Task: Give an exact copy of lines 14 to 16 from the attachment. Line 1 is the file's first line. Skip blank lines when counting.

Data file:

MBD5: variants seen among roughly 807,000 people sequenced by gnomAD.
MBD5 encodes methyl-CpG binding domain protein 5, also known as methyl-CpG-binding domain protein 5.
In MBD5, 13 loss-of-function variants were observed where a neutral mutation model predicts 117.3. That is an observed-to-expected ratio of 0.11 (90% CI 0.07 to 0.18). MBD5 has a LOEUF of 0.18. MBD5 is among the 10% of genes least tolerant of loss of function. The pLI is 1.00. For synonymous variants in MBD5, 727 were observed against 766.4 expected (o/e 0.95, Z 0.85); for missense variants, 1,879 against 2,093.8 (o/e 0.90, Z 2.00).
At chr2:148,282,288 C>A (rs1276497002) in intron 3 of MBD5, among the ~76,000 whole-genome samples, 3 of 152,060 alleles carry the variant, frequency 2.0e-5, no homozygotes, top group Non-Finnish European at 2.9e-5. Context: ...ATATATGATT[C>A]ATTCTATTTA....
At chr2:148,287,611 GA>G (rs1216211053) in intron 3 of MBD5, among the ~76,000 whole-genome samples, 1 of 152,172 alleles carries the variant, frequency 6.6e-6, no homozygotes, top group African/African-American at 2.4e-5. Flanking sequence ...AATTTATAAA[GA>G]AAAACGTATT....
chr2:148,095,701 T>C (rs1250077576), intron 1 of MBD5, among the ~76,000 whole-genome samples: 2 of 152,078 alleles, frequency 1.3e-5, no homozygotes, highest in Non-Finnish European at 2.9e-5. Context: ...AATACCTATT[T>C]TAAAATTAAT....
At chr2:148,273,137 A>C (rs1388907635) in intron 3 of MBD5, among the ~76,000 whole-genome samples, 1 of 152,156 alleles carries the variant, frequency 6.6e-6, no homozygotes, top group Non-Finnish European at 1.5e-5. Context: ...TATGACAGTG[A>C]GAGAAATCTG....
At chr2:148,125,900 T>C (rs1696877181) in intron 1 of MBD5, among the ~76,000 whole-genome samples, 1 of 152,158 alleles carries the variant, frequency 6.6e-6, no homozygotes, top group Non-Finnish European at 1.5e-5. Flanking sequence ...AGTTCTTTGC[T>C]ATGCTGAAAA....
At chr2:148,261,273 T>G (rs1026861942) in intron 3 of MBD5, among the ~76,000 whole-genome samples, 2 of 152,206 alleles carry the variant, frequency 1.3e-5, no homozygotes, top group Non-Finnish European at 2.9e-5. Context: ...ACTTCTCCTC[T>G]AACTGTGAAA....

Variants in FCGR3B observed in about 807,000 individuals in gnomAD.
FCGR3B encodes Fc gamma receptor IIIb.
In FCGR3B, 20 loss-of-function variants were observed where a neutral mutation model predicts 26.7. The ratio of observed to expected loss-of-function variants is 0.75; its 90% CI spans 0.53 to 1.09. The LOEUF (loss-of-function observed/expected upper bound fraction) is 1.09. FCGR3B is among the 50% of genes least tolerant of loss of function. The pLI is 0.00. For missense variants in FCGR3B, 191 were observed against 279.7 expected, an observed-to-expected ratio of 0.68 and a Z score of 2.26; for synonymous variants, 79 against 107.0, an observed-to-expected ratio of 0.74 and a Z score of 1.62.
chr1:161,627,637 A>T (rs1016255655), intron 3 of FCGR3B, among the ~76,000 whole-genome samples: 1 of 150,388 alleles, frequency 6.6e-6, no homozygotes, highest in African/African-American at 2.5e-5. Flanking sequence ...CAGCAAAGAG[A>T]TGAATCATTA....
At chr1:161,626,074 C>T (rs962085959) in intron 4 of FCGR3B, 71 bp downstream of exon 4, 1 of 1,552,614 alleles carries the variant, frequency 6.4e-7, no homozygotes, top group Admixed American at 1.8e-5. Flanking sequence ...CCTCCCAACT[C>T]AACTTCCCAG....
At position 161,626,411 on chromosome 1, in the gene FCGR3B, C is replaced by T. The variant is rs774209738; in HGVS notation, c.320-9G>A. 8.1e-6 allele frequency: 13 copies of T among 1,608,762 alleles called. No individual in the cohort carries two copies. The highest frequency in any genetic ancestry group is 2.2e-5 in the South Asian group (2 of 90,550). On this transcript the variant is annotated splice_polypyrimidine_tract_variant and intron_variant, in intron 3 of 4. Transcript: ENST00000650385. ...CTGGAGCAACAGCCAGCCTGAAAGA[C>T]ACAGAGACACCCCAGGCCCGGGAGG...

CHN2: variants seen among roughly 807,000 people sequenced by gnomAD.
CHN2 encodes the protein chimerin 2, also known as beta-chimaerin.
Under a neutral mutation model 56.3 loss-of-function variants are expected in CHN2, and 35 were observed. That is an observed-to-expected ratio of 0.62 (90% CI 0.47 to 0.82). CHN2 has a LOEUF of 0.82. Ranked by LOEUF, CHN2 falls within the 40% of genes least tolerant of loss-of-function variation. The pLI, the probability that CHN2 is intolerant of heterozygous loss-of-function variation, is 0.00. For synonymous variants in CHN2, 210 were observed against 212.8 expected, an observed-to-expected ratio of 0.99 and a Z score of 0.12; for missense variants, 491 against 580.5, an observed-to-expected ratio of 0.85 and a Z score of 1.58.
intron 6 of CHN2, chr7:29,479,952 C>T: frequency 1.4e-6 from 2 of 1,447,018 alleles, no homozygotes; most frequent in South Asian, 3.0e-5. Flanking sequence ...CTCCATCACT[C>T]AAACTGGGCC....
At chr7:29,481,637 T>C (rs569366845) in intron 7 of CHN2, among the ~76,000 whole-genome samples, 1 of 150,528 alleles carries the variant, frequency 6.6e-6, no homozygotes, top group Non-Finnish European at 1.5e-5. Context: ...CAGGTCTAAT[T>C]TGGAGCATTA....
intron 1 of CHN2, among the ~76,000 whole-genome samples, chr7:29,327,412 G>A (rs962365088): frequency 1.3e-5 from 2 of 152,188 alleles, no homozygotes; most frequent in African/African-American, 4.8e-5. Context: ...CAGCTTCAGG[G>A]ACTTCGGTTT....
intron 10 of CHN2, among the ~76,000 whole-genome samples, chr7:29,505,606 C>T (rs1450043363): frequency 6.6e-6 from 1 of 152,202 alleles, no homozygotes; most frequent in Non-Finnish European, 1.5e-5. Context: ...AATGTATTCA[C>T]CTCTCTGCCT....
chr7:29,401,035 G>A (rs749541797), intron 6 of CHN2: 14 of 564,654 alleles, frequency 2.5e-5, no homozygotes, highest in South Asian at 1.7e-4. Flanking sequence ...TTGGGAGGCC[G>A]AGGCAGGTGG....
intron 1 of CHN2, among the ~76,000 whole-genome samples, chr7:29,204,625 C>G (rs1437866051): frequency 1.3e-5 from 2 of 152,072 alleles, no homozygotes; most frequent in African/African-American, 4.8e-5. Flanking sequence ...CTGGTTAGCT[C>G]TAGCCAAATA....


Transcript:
At chr1:161,626,074 C>T (rs962085959) in intron 4 of FCGR3B, 71 bp downstream of exon 4, 1 of 1,552,614 alleles carries the variant, frequency 6.4e-7, no homozygotes, top group Admixed American at 1.8e-5. Flanking sequence ...CCTCCCAACT[C>T]AACTTCCCAG....
At position 161,626,411 on chromosome 1, in the gene FCGR3B, C is replaced by T. The variant is rs774209738; in HGVS notation, c.320-9G>A. 8.1e-6 allele frequency: 13 copies of T among 1,608,762 alleles called. No individual in the cohort carries two copies. The highest frequency in any genetic ancestry group is 2.2e-5 in the South Asian group (2 of 90,550). On this transcript the variant is annotated splice_polypyrimidine_tract_variant and intron_variant, in intron 3 of 4. Transcript: ENST00000650385. ...CTGGAGCAACAGCCAGCCTGAAAGA[C>T]ACAGAGACACCCCAGGCCCGGGAGG...

CHN2: variants seen among roughly 807,000 people sequenced by gnomAD.